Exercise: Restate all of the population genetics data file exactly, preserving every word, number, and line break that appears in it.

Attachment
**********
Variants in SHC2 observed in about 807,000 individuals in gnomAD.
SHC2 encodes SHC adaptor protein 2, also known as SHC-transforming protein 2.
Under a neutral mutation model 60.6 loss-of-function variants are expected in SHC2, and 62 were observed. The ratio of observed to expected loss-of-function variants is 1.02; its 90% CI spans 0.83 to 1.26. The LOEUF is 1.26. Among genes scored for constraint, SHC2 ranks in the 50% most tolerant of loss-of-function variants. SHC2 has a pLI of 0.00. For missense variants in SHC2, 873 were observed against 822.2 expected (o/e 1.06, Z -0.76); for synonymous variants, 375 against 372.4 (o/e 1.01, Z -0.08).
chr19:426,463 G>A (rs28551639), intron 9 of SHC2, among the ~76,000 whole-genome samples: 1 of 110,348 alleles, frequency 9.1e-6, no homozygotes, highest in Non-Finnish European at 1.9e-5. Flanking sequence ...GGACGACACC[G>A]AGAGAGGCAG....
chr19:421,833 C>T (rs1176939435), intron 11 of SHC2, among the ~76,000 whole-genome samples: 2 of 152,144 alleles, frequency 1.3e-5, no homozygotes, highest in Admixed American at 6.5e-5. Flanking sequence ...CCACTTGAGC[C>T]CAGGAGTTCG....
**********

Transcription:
Variants in SHC2 observed in about 807,000 individuals in gnomAD.
SHC2 encodes SHC adaptor protein 2, also known as SHC-transforming protein 2.
Under a neutral mutation model 60.6 loss-of-function variants are expected in SHC2, and 62 were observed. The ratio of observed to expected loss-of-function variants is 1.02; its 90% CI spans 0.83 to 1.26. The LOEUF is 1.26. Among genes scored for constraint, SHC2 ranks in the 50% most tolerant of loss-of-function variants. SHC2 has a pLI of 0.00. For missense variants in SHC2, 873 were observed against 822.2 expected (o/e 1.06, Z -0.76); for synonymous variants, 375 against 372.4 (o/e 1.01, Z -0.08).
chr19:426,463 G>A (rs28551639), intron 9 of SHC2, among the ~76,000 whole-genome samples: 1 of 110,348 alleles, frequency 9.1e-6, no homozygotes, highest in Non-Finnish European at 1.9e-5. Flanking sequence ...GGACGACACC[G>A]AGAGAGGCAG....
chr19:421,833 C>T (rs1176939435), intron 11 of SHC2, among the ~76,000 whole-genome samples: 2 of 152,144 alleles, frequency 1.3e-5, no homozygotes, highest in Admixed American at 6.5e-5. Flanking sequence ...CCACTTGAGC[C>T]CAGGAGTTCG....